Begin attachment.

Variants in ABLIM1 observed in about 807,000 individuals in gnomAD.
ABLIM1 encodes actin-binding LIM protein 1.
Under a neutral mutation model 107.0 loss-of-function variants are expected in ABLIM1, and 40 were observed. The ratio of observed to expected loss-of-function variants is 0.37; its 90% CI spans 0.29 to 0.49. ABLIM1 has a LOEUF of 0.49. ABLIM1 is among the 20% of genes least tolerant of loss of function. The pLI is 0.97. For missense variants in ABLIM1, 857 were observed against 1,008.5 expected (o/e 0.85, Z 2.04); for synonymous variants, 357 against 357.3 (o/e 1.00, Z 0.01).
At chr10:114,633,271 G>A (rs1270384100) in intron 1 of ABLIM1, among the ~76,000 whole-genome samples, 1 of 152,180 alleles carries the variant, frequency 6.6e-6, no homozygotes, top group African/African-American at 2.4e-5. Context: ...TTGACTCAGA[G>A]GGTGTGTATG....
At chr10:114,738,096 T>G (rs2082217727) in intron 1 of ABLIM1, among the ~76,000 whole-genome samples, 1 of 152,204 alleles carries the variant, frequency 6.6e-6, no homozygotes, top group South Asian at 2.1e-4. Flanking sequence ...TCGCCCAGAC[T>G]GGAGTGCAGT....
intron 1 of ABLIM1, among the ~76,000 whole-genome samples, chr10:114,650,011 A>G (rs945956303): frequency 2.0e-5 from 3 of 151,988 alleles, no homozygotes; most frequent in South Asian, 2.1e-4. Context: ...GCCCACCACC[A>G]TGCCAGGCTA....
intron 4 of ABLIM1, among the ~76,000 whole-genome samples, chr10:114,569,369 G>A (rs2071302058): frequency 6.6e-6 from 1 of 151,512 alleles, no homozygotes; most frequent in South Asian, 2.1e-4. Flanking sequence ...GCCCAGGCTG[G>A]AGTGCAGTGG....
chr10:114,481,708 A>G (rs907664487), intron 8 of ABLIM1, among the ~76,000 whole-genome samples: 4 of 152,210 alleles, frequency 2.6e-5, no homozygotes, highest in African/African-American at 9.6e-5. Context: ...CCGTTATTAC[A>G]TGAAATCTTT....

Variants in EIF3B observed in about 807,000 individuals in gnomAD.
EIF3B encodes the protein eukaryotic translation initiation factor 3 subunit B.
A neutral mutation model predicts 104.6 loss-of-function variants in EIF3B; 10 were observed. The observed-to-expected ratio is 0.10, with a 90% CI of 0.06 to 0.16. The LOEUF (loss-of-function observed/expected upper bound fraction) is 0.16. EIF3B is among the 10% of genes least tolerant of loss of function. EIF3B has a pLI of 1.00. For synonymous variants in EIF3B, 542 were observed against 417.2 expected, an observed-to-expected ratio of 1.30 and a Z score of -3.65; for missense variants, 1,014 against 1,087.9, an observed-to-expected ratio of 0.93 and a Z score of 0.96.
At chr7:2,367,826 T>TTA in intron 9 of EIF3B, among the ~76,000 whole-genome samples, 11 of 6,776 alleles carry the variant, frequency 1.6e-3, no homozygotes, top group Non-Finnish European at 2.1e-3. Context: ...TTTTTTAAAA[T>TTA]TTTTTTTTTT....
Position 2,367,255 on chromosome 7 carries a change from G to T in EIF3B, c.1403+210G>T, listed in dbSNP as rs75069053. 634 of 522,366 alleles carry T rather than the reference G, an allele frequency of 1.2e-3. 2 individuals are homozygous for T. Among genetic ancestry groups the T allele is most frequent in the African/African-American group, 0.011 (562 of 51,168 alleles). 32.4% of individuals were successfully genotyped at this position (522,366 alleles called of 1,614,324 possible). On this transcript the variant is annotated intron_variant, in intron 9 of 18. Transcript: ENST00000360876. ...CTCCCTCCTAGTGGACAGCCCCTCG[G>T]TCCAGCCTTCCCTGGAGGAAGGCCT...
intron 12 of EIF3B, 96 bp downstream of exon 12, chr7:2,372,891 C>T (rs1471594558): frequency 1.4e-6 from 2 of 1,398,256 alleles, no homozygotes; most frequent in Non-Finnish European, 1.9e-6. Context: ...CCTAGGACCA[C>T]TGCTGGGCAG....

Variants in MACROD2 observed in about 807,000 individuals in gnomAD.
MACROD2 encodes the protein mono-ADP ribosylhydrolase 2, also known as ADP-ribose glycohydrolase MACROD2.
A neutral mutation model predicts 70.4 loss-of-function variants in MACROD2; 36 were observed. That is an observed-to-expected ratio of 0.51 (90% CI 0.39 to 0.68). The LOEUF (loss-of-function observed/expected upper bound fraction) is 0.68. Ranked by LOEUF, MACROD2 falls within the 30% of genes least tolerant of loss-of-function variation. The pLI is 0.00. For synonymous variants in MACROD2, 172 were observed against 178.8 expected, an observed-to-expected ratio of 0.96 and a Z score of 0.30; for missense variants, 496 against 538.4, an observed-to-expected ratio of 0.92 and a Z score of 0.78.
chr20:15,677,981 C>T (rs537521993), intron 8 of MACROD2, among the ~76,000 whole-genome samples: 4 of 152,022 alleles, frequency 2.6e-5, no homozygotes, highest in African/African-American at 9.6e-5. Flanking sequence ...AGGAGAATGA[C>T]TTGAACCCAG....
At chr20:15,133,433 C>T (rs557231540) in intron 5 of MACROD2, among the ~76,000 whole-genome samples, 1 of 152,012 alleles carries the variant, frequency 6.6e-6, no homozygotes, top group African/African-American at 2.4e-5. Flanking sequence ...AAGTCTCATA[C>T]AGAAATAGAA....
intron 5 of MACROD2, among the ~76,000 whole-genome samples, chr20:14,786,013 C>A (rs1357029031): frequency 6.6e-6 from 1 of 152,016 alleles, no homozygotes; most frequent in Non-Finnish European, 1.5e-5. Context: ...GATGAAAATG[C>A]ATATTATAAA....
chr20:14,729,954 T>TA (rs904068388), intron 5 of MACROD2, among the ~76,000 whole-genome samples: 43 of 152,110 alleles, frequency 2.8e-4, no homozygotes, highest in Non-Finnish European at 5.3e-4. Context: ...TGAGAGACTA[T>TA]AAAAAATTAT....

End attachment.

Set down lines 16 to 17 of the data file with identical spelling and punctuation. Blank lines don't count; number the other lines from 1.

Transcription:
MACROD2 encodes the protein mono-ADP ribosylhydrolase 2, also known as ADP-ribose glycohydrolase MACROD2.
A neutral mutation model predicts 70.4 loss-of-function variants in MACROD2; 36 were observed. That is an observed-to-expected ratio of 0.51 (90% CI 0.39 to 0.68). The LOEUF (loss-of-function observed/expected upper bound fraction) is 0.68. Ranked by LOEUF, MACROD2 falls within the 30% of genes least tolerant of loss-of-function variation. The pLI is 0.00. For synonymous variants in MACROD2, 172 were observed against 178.8 expected, an observed-to-expected ratio of 0.96 and a Z score of 0.30; for missense variants, 496 against 538.4, an observed-to-expected ratio of 0.92 and a Z score of 0.78.